Archaeology on a Slippery Slope: Elad’s sifting project in Emek Tzurim National Park
The Temple Mount Sifting Project, sponsored by ELAD and the Israel Nature and Parks Authority, is often portrayed in the media and in popular publications as a vital salvage operation of utmost scientific import. In recent years, an attempt has even been made to upgrade the initiative to a full-fledged scientific enterprise, with the Israel Antiquities Authority (IAA) now outsourcing sifting for its digs—the ELAD-sponsored City of David excavations and others—to the project.
The truth of the matter is that the sifting project is political in conception and of questionable scientific import from the outset. Using it to sift soil deposits from systematic excavations certainly fails to meet scientific standards; this use increases the chances of the introduction of forgeries and diverts the emphasis of the excavation from the site as a whole to the individual find.
Since 2004, an initiative known as the “Temple Mount Sifting Project” has been in progress at the Emek Tzurim National Park, on the slopes of the Qidron Valley in East Jerusalem. The project (which is in fact the park’s only function) offers interactive activity for school children and the general public. The soil for sifting purportedly originates in debris removed from the Temple Mount/Haram al-Sharif in the wake of major construction work conducted without archaeological oversight by the Muslim Waqf. These operations, which went on for many months during the years 1999-2000, caused significant damage to Temple Mount/Haram antiquities (for further discussion, Emek Shaveh’s publication: Between Holiness and Propaganda, Chapter 3: Archaeology in the central Holy Sites in the Old City of Jerusalem). In 1999 piles of debris were deposited at various locations and in 2000 some were transferred to the Qidron Valley. A perfunctory examination of the debris pile in the Qidron Valley by the Israel Antiquities Authority revealed an assortment of artifacts from all periods of activity on the Temple Mount, including the modern period.
A group of Israelis, with the support of ELAD (an NGO involved in Jewish settlement in East Jerusalem that also manages the visitors’ center on the Mount of Olives and the City of David archaeological site), initiated the transfer of soil to Emek Tzurim for sifting. Their hope was, and is, to find valuable remains in the debris, especially finds that could testify to activity in and around the First and Second Temples. The project, under the scientific auspices of Bar Ilan University, is directed by archaeologists in whose names the IAA issues an annual excavation license.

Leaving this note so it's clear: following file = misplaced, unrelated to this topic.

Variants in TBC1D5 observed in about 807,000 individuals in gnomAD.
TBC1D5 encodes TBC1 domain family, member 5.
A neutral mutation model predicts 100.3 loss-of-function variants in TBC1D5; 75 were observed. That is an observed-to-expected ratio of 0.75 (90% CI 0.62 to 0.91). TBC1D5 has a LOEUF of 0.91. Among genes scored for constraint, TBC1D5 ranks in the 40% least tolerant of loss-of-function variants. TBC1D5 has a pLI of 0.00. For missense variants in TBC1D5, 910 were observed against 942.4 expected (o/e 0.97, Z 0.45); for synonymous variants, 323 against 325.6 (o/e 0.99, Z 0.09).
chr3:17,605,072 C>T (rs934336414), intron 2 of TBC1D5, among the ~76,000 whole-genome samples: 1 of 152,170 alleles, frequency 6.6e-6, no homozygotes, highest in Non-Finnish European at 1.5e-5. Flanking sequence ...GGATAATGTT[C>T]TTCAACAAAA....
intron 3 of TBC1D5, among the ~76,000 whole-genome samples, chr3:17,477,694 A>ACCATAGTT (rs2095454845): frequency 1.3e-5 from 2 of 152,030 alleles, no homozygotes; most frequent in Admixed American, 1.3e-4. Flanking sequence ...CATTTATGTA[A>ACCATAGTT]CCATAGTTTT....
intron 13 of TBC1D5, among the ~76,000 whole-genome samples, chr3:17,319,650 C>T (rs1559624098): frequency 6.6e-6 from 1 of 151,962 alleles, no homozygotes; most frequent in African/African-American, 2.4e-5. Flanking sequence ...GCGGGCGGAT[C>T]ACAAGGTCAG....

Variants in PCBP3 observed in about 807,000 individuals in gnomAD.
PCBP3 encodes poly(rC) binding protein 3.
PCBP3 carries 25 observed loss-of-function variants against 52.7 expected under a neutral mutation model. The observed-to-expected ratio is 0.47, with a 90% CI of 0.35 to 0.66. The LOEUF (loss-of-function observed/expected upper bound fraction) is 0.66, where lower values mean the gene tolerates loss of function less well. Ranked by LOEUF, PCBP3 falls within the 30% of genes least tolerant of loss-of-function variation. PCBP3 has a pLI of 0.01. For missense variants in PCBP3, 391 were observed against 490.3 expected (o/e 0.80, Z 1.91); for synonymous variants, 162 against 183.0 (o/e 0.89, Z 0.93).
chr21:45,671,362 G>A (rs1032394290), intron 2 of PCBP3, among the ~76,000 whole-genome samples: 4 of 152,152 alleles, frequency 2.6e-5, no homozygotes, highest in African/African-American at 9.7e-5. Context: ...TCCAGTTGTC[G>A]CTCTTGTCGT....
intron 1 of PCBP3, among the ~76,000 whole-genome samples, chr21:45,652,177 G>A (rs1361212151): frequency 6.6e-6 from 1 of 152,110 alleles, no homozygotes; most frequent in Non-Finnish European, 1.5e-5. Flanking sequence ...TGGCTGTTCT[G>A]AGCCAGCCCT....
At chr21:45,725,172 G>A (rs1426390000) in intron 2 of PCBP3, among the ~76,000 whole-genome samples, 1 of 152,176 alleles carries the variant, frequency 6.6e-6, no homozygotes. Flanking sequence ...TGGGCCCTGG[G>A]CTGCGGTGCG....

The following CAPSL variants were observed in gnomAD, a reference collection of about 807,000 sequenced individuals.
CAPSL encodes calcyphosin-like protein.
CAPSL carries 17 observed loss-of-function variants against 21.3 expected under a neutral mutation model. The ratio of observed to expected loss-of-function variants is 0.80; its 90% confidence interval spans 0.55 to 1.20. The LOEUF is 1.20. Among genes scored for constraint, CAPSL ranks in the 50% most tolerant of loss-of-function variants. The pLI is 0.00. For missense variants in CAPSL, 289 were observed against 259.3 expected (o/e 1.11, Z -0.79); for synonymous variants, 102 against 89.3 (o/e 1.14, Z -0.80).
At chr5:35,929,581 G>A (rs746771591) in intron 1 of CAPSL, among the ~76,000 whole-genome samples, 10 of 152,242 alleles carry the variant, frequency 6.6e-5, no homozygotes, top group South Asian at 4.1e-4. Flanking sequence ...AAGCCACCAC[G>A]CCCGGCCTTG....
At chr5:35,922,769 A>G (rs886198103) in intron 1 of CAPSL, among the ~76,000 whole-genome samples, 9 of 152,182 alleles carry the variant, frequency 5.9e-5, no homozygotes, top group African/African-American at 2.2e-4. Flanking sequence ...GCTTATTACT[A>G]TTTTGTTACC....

Over the years the media has reported several discoveries yielded by the Emek Tzurim sifting project. One remarkable find was a seventh-century B.C.E. clay sealing, or bulla, with the inscription “Bet Lehem,” testifying to the existence of Bethlehem at that time.
Sifting as a method in archaeological research
Sifting (or sieving) as a means of increasing the rate of artifact retrieval is a common practice in archaeological excavations. The smaller the finds sought after (for example, minute bones or carbonized plant remains in early prehistoric sites), the more important systematic sieving becomes for the research. As with any archaeological method, the value of sieving depends on archaeologists’ ability to establish the connection between the finds and the archaeological deposit in which they originated. For this reason, sifting is normally conducted as an integral part of the excavation itself. It takes place within the site and under the strict supervision of the archaeologists responsible for the dig. They must ensure that nothing is added or lost en route from the excavated layer to the sieve, in order to preserve the connection between the find and its original context. The results of the sifting also contribute to the understanding of the excavated layers in “real time”, enabling excavators to adjust the pace and resolution of their work to the nature and quantity of the finds.
Only very rarely do archaeologists engage in sifting as pure “treasure hunting”. One such example is the sifting operation conducted in the necropolis of the first Egyptian kings at Umm el-Qab, some 500 kilometers south of Cairo. Here, hasty excavations in the early 20th century left great mounds of debris containing many small finds overlooked by the first excavators. In recent years archaeologists have worked to sift through the mounds of debris—alongside new excavations in the tombs themselves—thus adding essential information that might otherwise have gone undiscovered.
Incidentally, sifting for finds is a common practice among antiquities looters in both Egypt and Israel; sieving is therefore no guarantee of scientific practice.
How is the Emek Tzurim sifting project conducted?
Repeated visits by Emek Shaveh at the sifting site have revealed the following situation: The soil designated for sifting is piled at one end of the compound outside the tent. The pile is covered with a tarp but accessible to any visitor to the site (see video). Sifting is carried out in a large tent containing a few dozen sifting stations. Each station is operated by two to three paying visitors at a time, who spill a bucket of soil into the sieve and collect ceramic, glass, metal, and other finds in small containers. The sifting is overseen by staff members, most of whom lack archaeological training.